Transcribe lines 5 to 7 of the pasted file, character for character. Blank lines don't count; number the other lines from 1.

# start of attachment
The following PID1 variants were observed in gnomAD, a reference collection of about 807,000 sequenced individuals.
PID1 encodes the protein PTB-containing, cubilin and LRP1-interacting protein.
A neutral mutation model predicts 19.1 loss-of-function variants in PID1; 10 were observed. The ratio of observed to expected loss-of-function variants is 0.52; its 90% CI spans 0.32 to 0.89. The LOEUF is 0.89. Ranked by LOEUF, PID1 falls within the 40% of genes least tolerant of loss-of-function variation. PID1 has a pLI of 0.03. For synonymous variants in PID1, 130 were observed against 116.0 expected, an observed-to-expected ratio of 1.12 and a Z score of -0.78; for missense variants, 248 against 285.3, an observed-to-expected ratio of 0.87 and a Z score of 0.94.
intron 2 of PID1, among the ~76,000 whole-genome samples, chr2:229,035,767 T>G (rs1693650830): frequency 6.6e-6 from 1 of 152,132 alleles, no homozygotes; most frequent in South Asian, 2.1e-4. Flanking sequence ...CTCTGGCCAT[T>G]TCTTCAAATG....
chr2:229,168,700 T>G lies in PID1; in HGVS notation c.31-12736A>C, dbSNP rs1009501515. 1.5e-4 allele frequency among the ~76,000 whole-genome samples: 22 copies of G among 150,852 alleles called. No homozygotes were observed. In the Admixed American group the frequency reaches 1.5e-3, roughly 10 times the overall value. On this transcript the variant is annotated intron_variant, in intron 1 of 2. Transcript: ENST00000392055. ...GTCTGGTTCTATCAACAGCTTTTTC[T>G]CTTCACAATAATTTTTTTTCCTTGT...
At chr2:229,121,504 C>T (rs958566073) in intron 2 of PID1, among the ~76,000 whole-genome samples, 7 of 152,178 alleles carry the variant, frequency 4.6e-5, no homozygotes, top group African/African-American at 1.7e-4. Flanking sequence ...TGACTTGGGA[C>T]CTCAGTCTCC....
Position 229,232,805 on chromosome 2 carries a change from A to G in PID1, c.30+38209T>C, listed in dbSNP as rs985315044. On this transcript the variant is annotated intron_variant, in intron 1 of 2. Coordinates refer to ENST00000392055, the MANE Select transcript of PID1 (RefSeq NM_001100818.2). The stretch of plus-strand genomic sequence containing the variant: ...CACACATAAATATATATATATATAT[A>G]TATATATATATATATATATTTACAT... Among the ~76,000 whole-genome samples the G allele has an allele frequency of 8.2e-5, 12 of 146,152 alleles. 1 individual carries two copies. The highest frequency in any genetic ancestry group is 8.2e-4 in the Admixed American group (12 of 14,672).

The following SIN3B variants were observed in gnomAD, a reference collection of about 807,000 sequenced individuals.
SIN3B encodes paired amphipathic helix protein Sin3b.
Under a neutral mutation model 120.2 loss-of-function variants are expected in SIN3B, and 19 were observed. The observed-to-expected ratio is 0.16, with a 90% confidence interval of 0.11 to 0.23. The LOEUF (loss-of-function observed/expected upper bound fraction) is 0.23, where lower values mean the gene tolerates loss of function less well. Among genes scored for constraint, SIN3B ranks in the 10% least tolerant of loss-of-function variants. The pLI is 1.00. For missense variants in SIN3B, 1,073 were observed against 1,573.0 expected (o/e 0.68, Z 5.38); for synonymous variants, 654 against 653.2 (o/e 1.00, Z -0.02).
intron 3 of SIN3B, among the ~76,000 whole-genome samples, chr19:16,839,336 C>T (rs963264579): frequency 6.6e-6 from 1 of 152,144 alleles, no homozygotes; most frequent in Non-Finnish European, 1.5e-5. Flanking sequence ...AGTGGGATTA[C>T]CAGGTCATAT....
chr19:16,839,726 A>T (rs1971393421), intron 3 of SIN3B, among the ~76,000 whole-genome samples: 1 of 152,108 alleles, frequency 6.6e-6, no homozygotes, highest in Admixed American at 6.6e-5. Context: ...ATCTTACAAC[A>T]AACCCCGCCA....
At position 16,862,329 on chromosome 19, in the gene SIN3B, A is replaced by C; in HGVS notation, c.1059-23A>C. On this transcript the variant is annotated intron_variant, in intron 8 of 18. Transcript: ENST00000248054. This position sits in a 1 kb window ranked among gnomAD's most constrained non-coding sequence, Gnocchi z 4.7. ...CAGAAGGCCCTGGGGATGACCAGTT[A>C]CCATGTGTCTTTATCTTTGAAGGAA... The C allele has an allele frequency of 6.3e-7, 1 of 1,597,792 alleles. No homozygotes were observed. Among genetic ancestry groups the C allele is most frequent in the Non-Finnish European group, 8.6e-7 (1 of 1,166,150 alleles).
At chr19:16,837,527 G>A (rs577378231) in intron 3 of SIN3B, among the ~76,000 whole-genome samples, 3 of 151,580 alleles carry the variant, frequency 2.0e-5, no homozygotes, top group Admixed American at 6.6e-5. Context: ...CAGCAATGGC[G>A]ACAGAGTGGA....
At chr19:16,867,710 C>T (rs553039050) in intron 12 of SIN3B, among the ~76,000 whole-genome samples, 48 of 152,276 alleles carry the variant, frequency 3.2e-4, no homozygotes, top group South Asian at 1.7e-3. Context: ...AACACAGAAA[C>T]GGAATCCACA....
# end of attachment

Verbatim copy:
chr2:229,168,700 T>G lies in PID1; in HGVS notation c.31-12736A>C, dbSNP rs1009501515. 1.5e-4 allele frequency among the ~76,000 whole-genome samples: 22 copies of G among 150,852 alleles called. No homozygotes were observed. In the Admixed American group the frequency reaches 1.5e-3, roughly 10 times the overall value. On this transcript the variant is annotated intron_variant, in intron 1 of 2. Transcript: ENST00000392055. ...GTCTGGTTCTATCAACAGCTTTTTC[T>G]CTTCACAATAATTTTTTTTCCTTGT...
At chr2:229,121,504 C>T (rs958566073) in intron 2 of PID1, among the ~76,000 whole-genome samples, 7 of 152,178 alleles carry the variant, frequency 4.6e-5, no homozygotes, top group African/African-American at 1.7e-4. Flanking sequence ...TGACTTGGGA[C>T]CTCAGTCTCC....
Position 229,232,805 on chromosome 2 carries a change from A to G in PID1, c.30+38209T>C, listed in dbSNP as rs985315044. On this transcript the variant is annotated intron_variant, in intron 1 of 2. Coordinates refer to ENST00000392055, the MANE Select transcript of PID1 (RefSeq NM_001100818.2). The stretch of plus-strand genomic sequence containing the variant: ...CACACATAAATATATATATATATAT[A>G]TATATATATATATATATATTTACAT... Among the ~76,000 whole-genome samples the G allele has an allele frequency of 8.2e-5, 12 of 146,152 alleles. 1 individual carries two copies. The highest frequency in any genetic ancestry group is 8.2e-4 in the Admixed American group (12 of 14,672).